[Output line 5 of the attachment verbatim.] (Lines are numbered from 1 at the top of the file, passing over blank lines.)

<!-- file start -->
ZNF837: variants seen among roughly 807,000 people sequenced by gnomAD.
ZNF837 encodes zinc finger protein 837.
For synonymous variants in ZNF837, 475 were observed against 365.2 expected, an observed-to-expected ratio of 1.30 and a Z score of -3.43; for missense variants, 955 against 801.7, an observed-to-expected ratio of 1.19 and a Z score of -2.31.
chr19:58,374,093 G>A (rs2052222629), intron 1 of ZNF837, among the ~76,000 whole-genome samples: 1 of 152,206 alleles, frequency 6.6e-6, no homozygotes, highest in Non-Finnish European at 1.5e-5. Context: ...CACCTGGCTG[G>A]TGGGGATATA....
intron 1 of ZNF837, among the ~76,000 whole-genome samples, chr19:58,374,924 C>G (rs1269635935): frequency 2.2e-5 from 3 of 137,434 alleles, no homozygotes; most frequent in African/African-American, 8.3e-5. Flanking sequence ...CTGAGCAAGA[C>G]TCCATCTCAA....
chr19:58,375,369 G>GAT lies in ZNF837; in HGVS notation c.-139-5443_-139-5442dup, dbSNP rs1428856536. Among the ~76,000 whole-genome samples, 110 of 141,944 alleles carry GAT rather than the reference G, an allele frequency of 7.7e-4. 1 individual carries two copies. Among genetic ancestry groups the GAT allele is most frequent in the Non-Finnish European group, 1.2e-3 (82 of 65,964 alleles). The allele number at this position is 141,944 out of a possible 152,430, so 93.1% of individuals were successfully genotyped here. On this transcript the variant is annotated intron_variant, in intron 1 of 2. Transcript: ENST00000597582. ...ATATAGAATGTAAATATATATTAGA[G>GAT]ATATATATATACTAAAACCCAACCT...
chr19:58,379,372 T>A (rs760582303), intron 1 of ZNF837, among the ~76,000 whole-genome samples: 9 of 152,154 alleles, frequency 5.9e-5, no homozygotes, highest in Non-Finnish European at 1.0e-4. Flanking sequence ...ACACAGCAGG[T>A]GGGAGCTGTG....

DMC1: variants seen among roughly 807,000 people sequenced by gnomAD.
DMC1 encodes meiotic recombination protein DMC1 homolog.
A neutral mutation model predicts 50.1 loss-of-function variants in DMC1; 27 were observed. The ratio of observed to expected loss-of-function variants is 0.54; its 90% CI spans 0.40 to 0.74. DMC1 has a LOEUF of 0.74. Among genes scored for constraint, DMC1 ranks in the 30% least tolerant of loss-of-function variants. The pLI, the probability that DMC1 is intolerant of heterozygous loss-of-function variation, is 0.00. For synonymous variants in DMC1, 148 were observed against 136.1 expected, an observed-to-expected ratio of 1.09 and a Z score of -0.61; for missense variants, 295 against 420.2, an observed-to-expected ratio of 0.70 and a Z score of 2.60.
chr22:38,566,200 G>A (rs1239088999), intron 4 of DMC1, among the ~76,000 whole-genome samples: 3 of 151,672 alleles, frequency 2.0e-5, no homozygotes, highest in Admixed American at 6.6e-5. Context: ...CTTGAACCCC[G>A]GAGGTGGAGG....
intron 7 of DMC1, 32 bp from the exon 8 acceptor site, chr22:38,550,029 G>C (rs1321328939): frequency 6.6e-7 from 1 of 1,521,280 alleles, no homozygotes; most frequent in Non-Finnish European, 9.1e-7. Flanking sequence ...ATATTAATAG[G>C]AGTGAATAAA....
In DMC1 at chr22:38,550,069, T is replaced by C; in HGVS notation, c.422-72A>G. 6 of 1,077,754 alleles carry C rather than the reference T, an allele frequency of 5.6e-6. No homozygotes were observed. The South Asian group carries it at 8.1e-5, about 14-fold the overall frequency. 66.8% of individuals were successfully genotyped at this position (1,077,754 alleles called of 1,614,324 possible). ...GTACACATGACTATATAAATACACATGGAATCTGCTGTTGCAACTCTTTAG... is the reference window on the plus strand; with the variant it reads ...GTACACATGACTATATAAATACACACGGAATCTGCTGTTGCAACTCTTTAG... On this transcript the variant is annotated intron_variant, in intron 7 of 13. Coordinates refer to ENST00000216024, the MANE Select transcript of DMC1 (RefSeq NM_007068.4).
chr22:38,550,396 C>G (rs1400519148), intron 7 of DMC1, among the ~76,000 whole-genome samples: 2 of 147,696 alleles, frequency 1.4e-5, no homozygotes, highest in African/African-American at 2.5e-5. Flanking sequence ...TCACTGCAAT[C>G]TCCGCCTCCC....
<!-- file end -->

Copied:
intron 1 of ZNF837, among the ~76,000 whole-genome samples, chr19:58,374,924 C>G (rs1269635935): frequency 2.2e-5 from 3 of 137,434 alleles, no homozygotes; most frequent in African/African-American, 8.3e-5. Flanking sequence ...CTGAGCAAGA[C>G]TCCATCTCAA....